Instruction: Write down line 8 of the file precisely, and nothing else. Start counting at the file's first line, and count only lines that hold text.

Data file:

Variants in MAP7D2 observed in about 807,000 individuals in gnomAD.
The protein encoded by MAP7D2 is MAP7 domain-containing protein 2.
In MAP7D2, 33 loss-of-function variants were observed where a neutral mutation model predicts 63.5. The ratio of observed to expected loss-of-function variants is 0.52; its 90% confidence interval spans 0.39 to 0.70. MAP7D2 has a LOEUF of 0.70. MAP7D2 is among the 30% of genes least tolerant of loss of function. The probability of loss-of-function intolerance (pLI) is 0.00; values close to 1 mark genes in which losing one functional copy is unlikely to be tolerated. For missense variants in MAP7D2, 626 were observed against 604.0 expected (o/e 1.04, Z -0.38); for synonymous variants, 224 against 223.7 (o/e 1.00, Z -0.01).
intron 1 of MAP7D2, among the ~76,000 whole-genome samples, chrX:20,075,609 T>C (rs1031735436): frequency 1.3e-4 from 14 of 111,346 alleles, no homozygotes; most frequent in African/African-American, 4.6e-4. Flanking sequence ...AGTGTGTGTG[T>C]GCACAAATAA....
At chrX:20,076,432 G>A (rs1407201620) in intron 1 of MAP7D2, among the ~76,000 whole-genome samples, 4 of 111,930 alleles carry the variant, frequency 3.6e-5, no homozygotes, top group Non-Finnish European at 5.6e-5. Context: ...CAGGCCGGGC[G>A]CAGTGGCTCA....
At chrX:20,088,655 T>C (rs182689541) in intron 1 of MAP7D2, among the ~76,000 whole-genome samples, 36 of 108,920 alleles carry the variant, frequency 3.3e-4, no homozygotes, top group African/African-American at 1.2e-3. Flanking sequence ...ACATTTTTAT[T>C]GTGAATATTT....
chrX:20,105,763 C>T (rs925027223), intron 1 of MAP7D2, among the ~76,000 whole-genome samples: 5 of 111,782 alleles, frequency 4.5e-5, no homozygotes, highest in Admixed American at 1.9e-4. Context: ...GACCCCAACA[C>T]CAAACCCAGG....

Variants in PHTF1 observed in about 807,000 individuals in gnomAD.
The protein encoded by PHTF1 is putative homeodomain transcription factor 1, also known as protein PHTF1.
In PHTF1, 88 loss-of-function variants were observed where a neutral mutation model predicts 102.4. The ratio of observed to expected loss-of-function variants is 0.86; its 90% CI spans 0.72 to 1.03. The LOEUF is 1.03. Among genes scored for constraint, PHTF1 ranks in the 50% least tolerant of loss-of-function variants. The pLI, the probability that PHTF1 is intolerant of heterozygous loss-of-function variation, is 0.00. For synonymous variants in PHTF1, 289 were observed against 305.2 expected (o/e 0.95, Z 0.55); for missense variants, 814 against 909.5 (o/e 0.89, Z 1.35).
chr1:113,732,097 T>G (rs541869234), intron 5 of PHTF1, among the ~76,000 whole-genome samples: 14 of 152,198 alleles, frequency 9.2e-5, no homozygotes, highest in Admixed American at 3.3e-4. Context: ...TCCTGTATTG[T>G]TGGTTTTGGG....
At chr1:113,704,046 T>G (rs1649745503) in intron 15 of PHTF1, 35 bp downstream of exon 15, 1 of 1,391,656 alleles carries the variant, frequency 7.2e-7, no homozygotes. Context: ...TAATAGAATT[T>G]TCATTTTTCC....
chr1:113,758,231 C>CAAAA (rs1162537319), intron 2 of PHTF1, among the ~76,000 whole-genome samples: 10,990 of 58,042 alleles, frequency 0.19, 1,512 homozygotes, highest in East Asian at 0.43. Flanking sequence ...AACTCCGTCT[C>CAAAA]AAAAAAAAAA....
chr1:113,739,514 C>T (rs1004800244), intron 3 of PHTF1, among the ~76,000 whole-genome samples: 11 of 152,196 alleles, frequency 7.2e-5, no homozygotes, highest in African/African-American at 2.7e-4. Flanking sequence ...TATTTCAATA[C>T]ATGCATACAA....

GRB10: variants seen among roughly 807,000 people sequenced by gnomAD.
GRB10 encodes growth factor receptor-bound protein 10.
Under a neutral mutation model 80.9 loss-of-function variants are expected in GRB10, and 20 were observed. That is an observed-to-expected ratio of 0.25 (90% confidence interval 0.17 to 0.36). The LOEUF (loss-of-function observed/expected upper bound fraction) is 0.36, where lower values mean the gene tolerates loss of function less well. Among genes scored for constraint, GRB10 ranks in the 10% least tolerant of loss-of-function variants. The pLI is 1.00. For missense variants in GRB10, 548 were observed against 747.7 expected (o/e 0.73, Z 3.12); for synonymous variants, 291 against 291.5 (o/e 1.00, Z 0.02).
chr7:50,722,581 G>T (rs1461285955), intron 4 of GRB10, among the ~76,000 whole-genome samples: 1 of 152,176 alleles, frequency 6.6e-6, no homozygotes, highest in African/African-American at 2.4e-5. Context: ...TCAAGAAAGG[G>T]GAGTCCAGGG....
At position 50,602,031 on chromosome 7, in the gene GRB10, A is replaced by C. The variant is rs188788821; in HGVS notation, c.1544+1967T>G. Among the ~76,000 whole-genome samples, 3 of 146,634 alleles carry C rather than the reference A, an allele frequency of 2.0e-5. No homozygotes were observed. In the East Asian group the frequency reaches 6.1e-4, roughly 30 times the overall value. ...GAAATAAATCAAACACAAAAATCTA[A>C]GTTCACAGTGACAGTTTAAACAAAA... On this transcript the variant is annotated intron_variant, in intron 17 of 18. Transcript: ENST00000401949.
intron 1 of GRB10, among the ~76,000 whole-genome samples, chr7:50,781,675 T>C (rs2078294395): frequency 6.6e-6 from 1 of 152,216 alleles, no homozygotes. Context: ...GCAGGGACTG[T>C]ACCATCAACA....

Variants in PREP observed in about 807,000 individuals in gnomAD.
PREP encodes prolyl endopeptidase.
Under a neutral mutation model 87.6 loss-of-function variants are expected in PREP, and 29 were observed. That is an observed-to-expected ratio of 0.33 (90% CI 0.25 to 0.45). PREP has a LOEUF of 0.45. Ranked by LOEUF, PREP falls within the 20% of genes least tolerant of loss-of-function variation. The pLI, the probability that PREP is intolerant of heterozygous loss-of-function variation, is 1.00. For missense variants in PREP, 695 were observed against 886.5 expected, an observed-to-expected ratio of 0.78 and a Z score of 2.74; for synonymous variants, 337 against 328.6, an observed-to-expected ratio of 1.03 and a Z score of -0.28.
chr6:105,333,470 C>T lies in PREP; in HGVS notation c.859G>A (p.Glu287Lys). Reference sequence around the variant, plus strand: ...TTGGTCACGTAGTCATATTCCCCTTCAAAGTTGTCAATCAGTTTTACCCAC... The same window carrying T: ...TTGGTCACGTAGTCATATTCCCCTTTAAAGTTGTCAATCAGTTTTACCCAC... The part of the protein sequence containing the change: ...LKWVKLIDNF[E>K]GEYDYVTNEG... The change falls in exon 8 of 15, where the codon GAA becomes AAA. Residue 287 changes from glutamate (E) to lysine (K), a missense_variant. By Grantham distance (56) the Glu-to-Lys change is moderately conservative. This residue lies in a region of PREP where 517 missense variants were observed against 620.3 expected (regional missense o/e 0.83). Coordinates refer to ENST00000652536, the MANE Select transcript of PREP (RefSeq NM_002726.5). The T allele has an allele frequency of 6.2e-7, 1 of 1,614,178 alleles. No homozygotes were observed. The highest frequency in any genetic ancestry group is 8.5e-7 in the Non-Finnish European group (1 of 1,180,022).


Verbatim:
Variants in PHTF1 observed in about 807,000 individuals in gnomAD.